Can you share a special campaign you have worked on, and who it was intended to serve?

This past year, I worked on a collaborative piece with a group of seven iPROMOTEu affiliates. It was an amazing experience. We created an “Experience VIP” self-promotion marketing piece for clients and prospects. It showcased our commitment to giving clients VIP treatment. Our intent was to band together to streamline costs and cover minimums, but it ended up being so much more than that. Through weekly calls, we brainstormed all sorts of creative content and art ideas. The result was a fully customized marketing piece that demonstrated all our creative abilities as a whole, as well as keeping our individuality as separate businesses. In all reality, we are a bunch of competitors that have banded together to maximize our efforts. I don’t think you see that too often. We are a special group.

What’s a typical day like for you?

My days are crazy, but I wouldn’t have it any other way. My husband travels more than 200 days a year, so things are a bit chaotic. Mornings involve getting our girls off to school. Then it’s crunch time with work—brainstorming ideas with clients and vendors, placing orders, preparing quotes and scheduling conference calls. At lunchtime, I try to sneak away and ride my horse. After lunch, it’s another hour of work before I have to pick up the kids. From 4 pm on it’s nonstop, with my youngest, Kylie, in gymnastics, and my oldest, Zoe, who plays club and high school volleyball. I’m a glorified Uber driver for a few hours each afternoon, shuttling kids all over, and then it’s dinner mode and time for homework. Once the kids are in bed, I usually work on my computer for an hour or two to catch up for the next day. It’s the only way I can pull off riding my horse three to four days a week.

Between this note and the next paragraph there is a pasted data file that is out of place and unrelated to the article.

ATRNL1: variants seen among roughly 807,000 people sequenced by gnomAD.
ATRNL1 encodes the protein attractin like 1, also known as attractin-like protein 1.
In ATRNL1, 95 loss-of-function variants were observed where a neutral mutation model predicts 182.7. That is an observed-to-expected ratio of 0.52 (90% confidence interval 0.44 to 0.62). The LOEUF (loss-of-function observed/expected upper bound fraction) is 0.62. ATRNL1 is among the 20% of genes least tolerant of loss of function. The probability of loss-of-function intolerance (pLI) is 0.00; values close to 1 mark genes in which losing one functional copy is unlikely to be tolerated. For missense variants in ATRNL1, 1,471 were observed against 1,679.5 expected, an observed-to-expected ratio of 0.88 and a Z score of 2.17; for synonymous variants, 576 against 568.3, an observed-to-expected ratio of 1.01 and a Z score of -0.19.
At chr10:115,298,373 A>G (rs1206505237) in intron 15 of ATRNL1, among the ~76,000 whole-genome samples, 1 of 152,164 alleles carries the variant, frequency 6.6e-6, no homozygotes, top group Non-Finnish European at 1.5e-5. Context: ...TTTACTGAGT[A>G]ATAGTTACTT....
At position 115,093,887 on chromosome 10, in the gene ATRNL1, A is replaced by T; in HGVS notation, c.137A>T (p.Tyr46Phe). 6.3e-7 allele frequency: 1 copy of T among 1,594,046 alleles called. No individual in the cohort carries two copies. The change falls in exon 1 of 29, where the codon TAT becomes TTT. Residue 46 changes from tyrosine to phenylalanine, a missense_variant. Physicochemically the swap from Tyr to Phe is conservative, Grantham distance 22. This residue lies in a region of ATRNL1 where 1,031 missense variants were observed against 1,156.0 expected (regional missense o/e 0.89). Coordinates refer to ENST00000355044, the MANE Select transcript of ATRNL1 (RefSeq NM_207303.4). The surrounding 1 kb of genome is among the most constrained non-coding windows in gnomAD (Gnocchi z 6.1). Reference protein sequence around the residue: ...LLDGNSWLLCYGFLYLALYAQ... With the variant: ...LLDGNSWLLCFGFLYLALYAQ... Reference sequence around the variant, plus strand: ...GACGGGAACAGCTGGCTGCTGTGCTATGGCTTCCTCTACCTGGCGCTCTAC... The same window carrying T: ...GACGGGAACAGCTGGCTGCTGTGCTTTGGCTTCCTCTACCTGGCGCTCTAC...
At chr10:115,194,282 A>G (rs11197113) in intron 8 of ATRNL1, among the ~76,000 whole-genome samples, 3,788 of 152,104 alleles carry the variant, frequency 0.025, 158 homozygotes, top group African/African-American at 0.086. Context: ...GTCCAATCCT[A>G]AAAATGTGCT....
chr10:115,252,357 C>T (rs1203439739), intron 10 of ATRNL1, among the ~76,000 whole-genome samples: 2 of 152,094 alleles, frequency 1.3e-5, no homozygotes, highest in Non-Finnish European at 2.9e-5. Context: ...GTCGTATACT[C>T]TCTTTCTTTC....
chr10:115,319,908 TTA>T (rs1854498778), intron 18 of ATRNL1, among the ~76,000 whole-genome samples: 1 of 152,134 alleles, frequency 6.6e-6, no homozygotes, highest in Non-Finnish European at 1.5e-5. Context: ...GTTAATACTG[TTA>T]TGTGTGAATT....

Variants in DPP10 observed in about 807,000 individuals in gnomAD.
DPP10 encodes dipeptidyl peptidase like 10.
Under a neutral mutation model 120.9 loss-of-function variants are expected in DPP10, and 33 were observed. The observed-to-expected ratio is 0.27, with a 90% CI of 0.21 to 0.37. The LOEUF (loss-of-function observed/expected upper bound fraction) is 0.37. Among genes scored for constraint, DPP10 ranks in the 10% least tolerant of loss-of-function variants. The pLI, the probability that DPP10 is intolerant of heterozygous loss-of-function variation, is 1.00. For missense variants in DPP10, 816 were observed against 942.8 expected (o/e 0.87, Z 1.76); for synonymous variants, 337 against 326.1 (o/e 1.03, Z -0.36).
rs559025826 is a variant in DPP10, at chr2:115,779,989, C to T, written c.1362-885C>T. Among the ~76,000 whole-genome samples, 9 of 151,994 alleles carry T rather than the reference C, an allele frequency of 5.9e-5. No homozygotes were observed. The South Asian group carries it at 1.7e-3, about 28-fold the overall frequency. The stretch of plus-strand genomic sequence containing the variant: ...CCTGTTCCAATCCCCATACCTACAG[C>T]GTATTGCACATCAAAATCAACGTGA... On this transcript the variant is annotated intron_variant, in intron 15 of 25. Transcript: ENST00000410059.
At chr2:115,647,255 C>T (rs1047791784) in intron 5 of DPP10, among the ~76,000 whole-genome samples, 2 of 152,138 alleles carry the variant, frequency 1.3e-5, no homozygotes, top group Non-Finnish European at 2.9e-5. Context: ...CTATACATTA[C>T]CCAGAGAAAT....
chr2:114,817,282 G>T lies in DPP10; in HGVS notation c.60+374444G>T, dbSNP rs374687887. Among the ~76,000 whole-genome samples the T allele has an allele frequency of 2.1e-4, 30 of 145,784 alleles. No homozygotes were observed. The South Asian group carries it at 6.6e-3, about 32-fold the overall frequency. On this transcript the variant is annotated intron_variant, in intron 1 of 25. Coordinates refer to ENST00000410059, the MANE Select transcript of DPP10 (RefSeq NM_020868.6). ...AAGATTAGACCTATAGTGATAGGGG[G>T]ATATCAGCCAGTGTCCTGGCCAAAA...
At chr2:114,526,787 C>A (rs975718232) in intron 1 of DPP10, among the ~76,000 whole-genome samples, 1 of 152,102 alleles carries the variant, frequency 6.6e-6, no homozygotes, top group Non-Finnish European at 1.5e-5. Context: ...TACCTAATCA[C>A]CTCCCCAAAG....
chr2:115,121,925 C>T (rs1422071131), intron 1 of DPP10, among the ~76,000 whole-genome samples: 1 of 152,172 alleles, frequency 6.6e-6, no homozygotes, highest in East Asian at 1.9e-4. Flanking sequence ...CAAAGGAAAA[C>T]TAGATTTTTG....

What’s your secret to getting the most out of every day?

I think it’s so important to find time for yourself and your family. It’s easy to get caught up with work and give yourself the excuse that you’ll find time tomorrow, or next week, or next year. I feel lucky to still do all the things I love and at the same time have a successful business. You could say it takes balance, but I think the opposite is true. When you have balance, it allows you to be mediocre at all the many things on your plate. When you push yourself to extremes and let things get out of balance, that’s where the really awesome stuff happens. This year when The PPAI Expo ended, I literally got off my flight and onto my horse to compete in the National Western Stock Show in Denver. It really made no sense at all, but I did it anyway and had an amazing time. Did I ride great? Not really. Was I exhausted? Completely. But I would have missed out on an incredible experience if the rational side of me had stepped in. Balance is unrealistic and it took me a long time to come to terms with that. Once I did, there was no stopping me. I took on the world and never looked back.  

Danielle Renda is associate editor of